Neville Thurlbeck, News Of The World News Editor, Apologises 'Unreservedly' To Phone Hacking Victims


A former News of The World (NoTW) journalist involved in the hacking of murdered teenager Milly Dowler's phone, has apologised to the victims of his crimes.

Former news editor and chief reporter Neville Thurlbeck, who tasked PI Glenn Mulcaire to hack phones 261 times including the infamous hacking of Dowler in 2002, made an "unreserved apology" to the victims of phone hacking during a setencing hearing at the Old Bailey.

Thurlbeck is one of three former news editors, who admitted their part in the long-running hacking plot before the mammoth trial of Andy Coulson and Rebekah Brooks.

The court heard that senior managers at the NoTW "condoned and encouraged" the endemic practice of phone hacking which was "standing policy" at the tabloid.

Thurlbeck, Greg Miskiw, James Weatherup and private investigator Glenn Mulcaire joined former editor Coulson in the dock as their lawyers mitigated on their behalf.

Coulson, 46, had denied conspiring to hack phones between 2000 and 2006 but was found guilty following a marathon seven-month trial. His co-defendants Rebekah Brooks and managing editor Stuart Kuttner were cleared.

In mitigation, lawyers for two out of three of the ex-NotW newsdesk staff implicated more senior executives of the newspaper, who cannot be named for legal reasons.

Previously, the NoTW had insisted phone hacking was the work of one "rogue reporter" - former royal editor Clive Goodman - who was convicted of phone hacking with Mulcaire in 2006.

The defendants now face up to two years in jail for their part in the plot which the prosecution said involved a veritable "Who's Who of Britain" having their private lives invaded.

Thurlbeck's lawyer implicated more senior staff. He said Coulson was not truthful in his evidence about David Blunkett's 2004 voicemail declaring his love for Spectator publisher Kimberly Quinn.

Coulson had told the jury he was shocked and angry when he found out about it from Thurlbeck and told him to stop phone hacking.

But Hugh Davies QC said: "That is simply not accurate. No such disapproval of the practice was given by Mr Coulson. There was no direction to stop."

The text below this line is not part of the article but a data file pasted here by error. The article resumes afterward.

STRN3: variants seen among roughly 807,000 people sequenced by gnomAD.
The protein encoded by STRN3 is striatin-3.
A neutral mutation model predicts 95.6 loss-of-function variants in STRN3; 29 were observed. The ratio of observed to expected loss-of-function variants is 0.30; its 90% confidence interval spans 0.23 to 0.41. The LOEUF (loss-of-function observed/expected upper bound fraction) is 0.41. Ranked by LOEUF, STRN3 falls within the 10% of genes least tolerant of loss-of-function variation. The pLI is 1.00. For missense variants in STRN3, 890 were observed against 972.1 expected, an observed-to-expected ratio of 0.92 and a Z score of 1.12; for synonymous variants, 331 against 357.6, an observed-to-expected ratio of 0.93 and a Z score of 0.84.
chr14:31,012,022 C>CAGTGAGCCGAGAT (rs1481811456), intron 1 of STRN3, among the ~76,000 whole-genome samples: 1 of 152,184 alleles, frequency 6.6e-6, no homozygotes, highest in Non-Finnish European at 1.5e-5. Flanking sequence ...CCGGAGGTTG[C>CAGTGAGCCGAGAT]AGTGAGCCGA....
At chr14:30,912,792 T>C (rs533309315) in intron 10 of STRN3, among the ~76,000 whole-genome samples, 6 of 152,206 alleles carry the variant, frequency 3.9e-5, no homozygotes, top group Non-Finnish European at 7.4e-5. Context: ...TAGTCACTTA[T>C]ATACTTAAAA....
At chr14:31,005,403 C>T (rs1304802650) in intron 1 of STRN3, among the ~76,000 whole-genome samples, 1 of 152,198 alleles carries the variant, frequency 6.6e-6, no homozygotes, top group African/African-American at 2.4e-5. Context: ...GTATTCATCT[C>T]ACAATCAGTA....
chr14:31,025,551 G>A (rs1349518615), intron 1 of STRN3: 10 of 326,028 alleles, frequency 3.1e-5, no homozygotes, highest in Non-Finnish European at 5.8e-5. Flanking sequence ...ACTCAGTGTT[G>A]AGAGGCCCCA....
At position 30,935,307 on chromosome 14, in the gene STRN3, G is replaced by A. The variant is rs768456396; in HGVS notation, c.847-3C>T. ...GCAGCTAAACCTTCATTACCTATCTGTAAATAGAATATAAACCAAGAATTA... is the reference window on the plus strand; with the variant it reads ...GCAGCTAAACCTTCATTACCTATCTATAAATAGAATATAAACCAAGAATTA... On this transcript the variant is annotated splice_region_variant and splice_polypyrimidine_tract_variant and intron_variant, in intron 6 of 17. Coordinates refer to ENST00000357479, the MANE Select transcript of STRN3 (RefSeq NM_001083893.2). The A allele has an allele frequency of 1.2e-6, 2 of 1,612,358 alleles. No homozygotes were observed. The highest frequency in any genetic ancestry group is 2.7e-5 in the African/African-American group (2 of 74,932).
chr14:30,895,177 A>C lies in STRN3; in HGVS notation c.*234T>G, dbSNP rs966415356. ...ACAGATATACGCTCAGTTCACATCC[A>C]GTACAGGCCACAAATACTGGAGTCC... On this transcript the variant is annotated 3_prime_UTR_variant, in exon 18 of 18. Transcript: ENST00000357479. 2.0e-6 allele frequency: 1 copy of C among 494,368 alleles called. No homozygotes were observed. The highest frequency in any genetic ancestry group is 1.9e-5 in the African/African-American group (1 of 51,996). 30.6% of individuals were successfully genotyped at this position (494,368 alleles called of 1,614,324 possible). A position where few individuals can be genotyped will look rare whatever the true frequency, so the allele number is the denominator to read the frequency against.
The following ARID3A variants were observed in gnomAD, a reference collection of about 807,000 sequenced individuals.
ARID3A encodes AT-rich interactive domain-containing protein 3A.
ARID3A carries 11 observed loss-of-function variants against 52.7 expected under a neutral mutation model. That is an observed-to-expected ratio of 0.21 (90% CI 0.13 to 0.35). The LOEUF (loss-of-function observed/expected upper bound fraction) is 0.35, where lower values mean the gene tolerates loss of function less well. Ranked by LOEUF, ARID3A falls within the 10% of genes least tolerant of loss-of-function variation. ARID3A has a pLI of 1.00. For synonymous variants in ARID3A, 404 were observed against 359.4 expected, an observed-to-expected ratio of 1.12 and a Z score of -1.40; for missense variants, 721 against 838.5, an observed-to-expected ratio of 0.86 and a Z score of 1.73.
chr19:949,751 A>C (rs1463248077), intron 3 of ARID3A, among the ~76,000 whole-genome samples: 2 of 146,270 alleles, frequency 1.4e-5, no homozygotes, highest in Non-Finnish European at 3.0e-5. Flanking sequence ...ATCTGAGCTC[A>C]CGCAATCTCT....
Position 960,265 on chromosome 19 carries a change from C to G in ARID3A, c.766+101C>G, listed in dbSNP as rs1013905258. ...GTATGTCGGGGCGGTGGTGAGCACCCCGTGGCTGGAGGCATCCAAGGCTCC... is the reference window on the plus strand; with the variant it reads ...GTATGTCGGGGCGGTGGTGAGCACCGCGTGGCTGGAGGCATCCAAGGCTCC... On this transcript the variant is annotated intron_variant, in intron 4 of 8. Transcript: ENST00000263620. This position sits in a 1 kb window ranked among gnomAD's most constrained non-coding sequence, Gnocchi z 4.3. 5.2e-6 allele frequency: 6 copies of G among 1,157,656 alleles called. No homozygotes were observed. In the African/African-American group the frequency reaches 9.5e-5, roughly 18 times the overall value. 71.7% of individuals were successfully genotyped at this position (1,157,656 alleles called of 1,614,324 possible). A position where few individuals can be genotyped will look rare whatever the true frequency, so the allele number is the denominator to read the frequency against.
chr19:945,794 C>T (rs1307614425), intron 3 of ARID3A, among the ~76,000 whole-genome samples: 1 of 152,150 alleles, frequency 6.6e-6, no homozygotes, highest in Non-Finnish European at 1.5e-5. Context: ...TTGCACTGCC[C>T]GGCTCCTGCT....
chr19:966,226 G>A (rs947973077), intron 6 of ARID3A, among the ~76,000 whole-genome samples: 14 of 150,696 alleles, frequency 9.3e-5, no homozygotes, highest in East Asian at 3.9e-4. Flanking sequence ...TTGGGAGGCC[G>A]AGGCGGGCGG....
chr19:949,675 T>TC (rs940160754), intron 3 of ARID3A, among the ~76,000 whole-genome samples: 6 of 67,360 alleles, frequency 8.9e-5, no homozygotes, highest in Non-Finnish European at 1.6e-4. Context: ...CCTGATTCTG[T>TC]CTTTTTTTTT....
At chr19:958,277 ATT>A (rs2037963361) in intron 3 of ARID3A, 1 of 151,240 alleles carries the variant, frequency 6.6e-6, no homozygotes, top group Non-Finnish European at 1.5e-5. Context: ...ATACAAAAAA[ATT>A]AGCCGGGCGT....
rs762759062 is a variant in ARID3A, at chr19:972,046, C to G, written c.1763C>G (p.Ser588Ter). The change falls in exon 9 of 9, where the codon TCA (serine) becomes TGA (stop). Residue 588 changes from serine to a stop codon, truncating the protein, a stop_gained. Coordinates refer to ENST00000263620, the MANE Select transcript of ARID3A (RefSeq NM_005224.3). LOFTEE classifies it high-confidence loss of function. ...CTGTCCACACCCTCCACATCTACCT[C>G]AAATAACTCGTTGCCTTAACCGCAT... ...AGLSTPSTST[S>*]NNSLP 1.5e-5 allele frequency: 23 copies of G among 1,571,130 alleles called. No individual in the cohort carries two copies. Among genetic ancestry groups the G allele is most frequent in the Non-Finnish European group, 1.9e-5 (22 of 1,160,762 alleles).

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Weatherup only instructed Mulcaire to hack phones because it was the "standing policy" of the NotW, his lawyer said.

Charles Bott QC said: "At the time of Mr Weatherup's offending we say phone hacking was endemic. Secondly we say the ultimate responsibility for that lay at senior editorial levels. Thirdly the suggestion that phone hacking was the responsibility of a small clique of news editors is falsely misleading.

"We have gone from rogue reporter to rogue reporter-plus - but neither of those reflect the truth.

"Phone hacking was condoned and encouraged by senior managers at the NotW for the simple reason it was an expedient and cost effective way to obtain information."

In the dock for sentencing from left: former news editor Greg Miskiw, reporter Dan Evans, journalist James Weatherup, former chief reporter Neville Thurlbeck, Andy Coulson and private detective Glenn Mulcaire

Miskiw's lawyer Trevor Burke QC asked the judge to take account of his early guilty plea and the fact he had expressed "genuine remorse".

Gavin Millar QC for Mulcaire, said his client had already been jailed for phone hacking in 2007 and questioned whether he should be punished again.

Since he served his time, the married 43-year-old had not only faced bankruptcy but also become the "personification" of the NoTW scandal in the media, the lawyer said.

Millar added: "Of course he has to accept such is life and this is a conspiracy of his involvement before 2006 but we say that the court should recognise that all of that happened and Mr Mulcaire uniquely and unilaterally over this period was named and shamed in the media as effectively the personification of the phone hacking scandal and that placed a huge pressure on Mr Mulcaire and his family during those years."

Over the years, Mulcaire was paid around half a million pounds by the NoTW to hack phones at the request of the newsdesk, the court heard.

Miskiw tasked him 1,500 times, Thurlbeck 261 times and Weatherup 157 times, according to the private investigator's notes.

Miskiw and Thurlbeck were responsible for instructing Mulcaire over the Milly Dowler hacking in 2002, the court heard.

Following the 2011 police investigation, Mulcaire, 43, from Sutton in Surrey, admitted three further counts of conspiring to phone hack plus a fourth count of hacking the voicemail of murdered schoolgirl Milly Dowler in 2002 - an act which eventually led to the downfall of the NotW in 2011.

Edis went on to apply for costs. The total cost of the hacking trial was around £1.7 million but the elements of the case which led to convictions for phone hacking was around £750,000, the court heard.

The case was adjourned until 10am on Tuesday when Coulson's mitigation will be heard.

He has also been told he and Goodman will face a retrial over two charges of conspiring to commit misconduct in a public office, which relate to allegations of bribery to obtain royal directories.

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